Red Minor Tetras - Tropical Fish Keeping - Aquarium fish care and resources

 
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post #1 of 5 Old 04-05-2009, 11:18 AM Thread Starter
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Red Minor Tetras

I just bought 4 of these guys. I was wondering if anybody had any tips or anything about them. The one thing I wanted to know was, what should the minimum amount of them be for a school? Sometimes I hear that having an odd number is best because then they can't pair off, but I also hear that is a myth. Any tips would be great. Thanks.
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post #2 of 5 Old 04-05-2009, 09:32 PM
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I hear you should have at least 6 tetras. that odd number stuff is myth

10 gallon tank - 2 Ghost shrimp, fry, 1 Soft shell turtle, 5 crayfish, 1 baby catfish
10 gallon tank - 1 marbled crayfish in berry
50 gallon tank - 2 male guppies, 1 female guppy, 2 zebra danios, 1 pearl danio, 1 Angelfish, 1 male platy, 2 female platys, 2 silvery minnows
Pond - 1 cooter, 1 RES, 4 goldfish(my baby sis poisoned my pond)

~~~~~~~~ . . .[I LOVE FISHING]
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post #3 of 5 Old 04-06-2009, 10:50 AM
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All of the characins that are regularly maintained in aquaria are shoaling fish in nature and should therefore be kept in groups of their own species. The number is somewhat determined by your tank size. In my experience, the more the better--but 20 red minors in a 10g tank is not recomended. So a minimum of 6 is usually the recommendation, but if you have a 20g you could increase that to 9 or 10, of course depending upon how many other fish there are. As an earlier post said, it is much better to have more of one species than one or two of several species. This always leads to more interesting behaviour by the fish, and that is because it is their nature. Fish will always be healthier and therefore happier when maintained in close proximity to their natural evolutionary makeup.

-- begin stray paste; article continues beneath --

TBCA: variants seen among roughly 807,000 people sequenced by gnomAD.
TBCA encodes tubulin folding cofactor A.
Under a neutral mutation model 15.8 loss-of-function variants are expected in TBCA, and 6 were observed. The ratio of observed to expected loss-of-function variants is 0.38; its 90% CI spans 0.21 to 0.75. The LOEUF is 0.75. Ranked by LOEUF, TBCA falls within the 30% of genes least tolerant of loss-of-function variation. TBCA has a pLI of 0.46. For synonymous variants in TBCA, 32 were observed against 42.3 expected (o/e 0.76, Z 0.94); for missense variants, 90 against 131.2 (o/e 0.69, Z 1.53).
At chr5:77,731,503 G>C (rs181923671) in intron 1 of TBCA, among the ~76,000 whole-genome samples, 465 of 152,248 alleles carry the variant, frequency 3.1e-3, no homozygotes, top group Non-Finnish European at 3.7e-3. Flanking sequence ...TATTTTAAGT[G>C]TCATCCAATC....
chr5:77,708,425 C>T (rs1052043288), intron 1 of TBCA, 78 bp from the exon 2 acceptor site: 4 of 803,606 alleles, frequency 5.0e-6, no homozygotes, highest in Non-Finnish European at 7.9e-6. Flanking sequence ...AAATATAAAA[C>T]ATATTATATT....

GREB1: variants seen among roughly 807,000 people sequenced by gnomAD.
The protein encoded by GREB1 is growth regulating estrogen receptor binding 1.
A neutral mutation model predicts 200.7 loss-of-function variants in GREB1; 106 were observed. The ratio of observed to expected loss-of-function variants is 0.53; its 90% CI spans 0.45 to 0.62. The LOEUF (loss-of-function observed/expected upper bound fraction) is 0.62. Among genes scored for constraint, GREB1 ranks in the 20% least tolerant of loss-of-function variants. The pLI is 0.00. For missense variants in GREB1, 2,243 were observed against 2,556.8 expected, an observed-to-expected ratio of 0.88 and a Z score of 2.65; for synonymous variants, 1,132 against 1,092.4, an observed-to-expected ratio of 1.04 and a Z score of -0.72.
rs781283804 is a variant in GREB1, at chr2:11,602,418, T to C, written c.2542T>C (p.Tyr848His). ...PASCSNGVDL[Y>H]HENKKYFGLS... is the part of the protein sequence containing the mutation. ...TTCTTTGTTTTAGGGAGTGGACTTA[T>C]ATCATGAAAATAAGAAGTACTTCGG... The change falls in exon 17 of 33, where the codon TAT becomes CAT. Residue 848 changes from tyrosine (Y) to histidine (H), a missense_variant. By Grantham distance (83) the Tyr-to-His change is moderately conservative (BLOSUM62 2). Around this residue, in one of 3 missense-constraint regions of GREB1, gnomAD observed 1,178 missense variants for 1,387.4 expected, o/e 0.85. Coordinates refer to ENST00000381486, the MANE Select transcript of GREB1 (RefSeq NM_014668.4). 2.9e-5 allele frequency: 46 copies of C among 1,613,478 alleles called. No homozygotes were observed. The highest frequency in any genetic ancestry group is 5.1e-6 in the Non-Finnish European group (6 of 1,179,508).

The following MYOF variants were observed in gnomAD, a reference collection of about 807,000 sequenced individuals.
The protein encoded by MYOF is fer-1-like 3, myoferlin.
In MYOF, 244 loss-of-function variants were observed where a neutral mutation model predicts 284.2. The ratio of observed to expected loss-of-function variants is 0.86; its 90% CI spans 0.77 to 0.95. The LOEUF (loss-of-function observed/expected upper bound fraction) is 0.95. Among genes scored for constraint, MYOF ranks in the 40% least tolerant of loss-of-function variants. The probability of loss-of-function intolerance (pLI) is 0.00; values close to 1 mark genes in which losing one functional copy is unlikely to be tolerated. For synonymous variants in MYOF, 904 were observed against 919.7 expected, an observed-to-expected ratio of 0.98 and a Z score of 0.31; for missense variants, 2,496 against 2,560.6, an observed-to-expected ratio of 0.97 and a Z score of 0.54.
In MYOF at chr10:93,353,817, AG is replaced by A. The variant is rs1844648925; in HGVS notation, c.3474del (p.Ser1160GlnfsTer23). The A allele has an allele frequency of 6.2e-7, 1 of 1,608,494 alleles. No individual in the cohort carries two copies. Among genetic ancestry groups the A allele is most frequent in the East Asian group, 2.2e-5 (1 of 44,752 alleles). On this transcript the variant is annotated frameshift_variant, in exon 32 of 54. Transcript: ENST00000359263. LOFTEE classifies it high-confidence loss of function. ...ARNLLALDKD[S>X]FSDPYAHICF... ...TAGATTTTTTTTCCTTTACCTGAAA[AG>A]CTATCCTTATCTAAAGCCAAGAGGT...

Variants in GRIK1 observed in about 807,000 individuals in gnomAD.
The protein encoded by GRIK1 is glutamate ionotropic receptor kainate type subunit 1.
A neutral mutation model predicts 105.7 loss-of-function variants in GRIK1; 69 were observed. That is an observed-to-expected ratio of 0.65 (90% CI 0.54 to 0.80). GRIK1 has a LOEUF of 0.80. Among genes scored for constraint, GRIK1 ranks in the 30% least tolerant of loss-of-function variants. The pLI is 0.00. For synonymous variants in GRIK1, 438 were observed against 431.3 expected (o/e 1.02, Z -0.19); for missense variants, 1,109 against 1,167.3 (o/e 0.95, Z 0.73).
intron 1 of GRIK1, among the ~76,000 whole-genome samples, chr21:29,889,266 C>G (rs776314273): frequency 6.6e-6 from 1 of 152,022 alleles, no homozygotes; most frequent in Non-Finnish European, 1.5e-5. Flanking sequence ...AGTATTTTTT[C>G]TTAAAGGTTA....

Byron Hosking, BMus, MA
Vancouver, BC, Canada

The aquarist is one who must learn the ways of the biologist, the chemist, and the veterinarian. [unknown source]

Something we all need to remember: The fish you've acquired was quite happy not being owned by you, minding its own business. If you’re going to take it under your wing then you’re responsible for it. Every aspect of its life is under your control, from water quality and temperature to swimming space. [Nathan Hill in PFK]
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post #4 of 5 Old 04-06-2009, 12:16 PM Thread Starter
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Ok thanks for clearing that up guys. I have a large tank,120 gal, but I wanted to keep their group to a minimum size, but large enough where they are happy. I'm going to get 2 more today so they have a group of 6. Thanks for all of the help.
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post #5 of 5 Old 04-06-2009, 03:28 PM Thread Starter
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I have another question about these things. Will they eventually become food if they are in the same tank as a Bala Shark? I know the rule, "if it can fit in their mouth, they will eat it" I just wanted to know if these somehow could be an exception. Thanks.
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